Equally, technocrats will argue that a business background without an appropriate technical understanding will lead to inappropriate solutions or ill-considered architecture and unnecessary risk.
A CIO’s success will depend on consistency in strategic direction and ongoing evaluation of priorities.
The key, therefore, is the acumen and awareness to balance the two: A good grasp of the business and business principles, coupled and balanced with a broad technical view and the ability to access technical expertise appropriately.
An effective CIO will not only support, but also help drive, the business objectives by leveraging appropriate technology.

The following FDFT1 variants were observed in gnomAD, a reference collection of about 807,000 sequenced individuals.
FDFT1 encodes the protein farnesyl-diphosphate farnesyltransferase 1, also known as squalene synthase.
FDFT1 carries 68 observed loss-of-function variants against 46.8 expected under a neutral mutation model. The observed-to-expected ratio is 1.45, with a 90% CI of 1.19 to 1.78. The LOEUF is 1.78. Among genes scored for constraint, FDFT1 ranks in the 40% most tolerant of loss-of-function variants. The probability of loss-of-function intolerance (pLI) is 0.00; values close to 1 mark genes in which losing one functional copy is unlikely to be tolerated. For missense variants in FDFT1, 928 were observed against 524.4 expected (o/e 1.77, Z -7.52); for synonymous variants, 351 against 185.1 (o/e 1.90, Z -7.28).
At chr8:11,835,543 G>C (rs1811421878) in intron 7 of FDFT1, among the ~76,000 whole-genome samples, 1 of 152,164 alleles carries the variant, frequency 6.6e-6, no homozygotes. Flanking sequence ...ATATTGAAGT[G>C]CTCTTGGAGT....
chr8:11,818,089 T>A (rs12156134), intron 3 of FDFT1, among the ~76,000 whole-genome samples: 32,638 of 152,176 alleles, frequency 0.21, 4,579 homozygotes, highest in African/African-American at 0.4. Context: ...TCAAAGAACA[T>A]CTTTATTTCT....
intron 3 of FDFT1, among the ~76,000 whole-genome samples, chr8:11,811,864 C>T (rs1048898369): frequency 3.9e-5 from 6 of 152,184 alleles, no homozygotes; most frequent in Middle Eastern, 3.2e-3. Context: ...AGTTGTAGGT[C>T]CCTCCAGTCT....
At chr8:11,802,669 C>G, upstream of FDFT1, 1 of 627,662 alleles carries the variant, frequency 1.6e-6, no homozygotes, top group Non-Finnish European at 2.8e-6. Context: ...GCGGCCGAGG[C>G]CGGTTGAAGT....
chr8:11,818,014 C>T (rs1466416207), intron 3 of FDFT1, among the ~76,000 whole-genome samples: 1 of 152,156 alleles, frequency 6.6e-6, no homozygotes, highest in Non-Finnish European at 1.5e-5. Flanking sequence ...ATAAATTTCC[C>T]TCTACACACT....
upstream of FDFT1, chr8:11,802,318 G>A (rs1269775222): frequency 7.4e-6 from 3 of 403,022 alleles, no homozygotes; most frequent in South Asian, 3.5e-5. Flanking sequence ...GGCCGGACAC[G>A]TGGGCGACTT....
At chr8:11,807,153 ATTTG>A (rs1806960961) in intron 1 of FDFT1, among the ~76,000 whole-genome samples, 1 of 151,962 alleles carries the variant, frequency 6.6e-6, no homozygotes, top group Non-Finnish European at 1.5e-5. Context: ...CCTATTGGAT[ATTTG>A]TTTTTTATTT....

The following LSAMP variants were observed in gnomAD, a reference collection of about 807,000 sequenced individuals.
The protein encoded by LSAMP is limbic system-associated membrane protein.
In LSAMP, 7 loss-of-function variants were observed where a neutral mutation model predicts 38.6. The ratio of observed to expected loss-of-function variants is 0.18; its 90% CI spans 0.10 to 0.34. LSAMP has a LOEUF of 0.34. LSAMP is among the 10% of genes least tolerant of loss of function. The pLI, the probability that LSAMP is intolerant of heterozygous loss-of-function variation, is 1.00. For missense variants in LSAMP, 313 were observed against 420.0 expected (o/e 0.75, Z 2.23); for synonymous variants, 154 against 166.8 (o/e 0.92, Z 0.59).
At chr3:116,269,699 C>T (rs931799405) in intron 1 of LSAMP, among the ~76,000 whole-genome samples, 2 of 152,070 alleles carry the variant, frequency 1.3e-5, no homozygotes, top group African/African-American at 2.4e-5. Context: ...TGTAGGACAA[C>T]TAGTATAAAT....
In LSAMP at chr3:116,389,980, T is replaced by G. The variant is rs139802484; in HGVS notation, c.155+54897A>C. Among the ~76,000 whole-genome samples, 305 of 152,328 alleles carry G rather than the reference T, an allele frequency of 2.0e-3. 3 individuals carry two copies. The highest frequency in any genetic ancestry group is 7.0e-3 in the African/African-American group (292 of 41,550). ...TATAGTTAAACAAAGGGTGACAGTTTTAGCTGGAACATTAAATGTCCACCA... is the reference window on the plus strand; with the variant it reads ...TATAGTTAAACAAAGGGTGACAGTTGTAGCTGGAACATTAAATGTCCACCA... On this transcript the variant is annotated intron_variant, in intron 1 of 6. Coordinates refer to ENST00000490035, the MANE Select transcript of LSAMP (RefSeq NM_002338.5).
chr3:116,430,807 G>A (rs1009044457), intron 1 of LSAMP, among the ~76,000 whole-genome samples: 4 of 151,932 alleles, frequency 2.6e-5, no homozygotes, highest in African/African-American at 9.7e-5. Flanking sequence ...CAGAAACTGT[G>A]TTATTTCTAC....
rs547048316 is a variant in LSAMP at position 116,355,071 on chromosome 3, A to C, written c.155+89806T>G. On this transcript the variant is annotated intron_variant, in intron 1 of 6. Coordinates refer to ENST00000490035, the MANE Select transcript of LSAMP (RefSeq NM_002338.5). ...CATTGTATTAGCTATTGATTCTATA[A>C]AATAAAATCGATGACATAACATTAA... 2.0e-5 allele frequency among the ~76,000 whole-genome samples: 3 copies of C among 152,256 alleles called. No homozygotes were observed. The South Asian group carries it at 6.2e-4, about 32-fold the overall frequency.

Understand breadth of responsibility, prioritise appropriate areas
While the definition of a CIO's primary function may be simple, anyone that has had to implement an IT governance framework based on the standards of COBIT, guided by the conditions contained in King IV with consideration of ISO and ITIL, and compliant with relevant legislation, will understand the breadth of responsibility and risk mitigation dependent on the CIO.
The CIO, therefore, must appreciate the scope of the role in the context of the organisation they represent. The priorities of small, low-tech businesses will be inherently different from large tech-dependent entities. It’s crucial to see the responsibility through the lens of their own context.
It is critical that the CIO understands the breadth of their responsibilities and is able to identify when to plunge into the depths of a specific area. Here, simple balanced scorecards, heat maps and IT assessment audits are important tools to help the CIO track and communicate the company's priorities.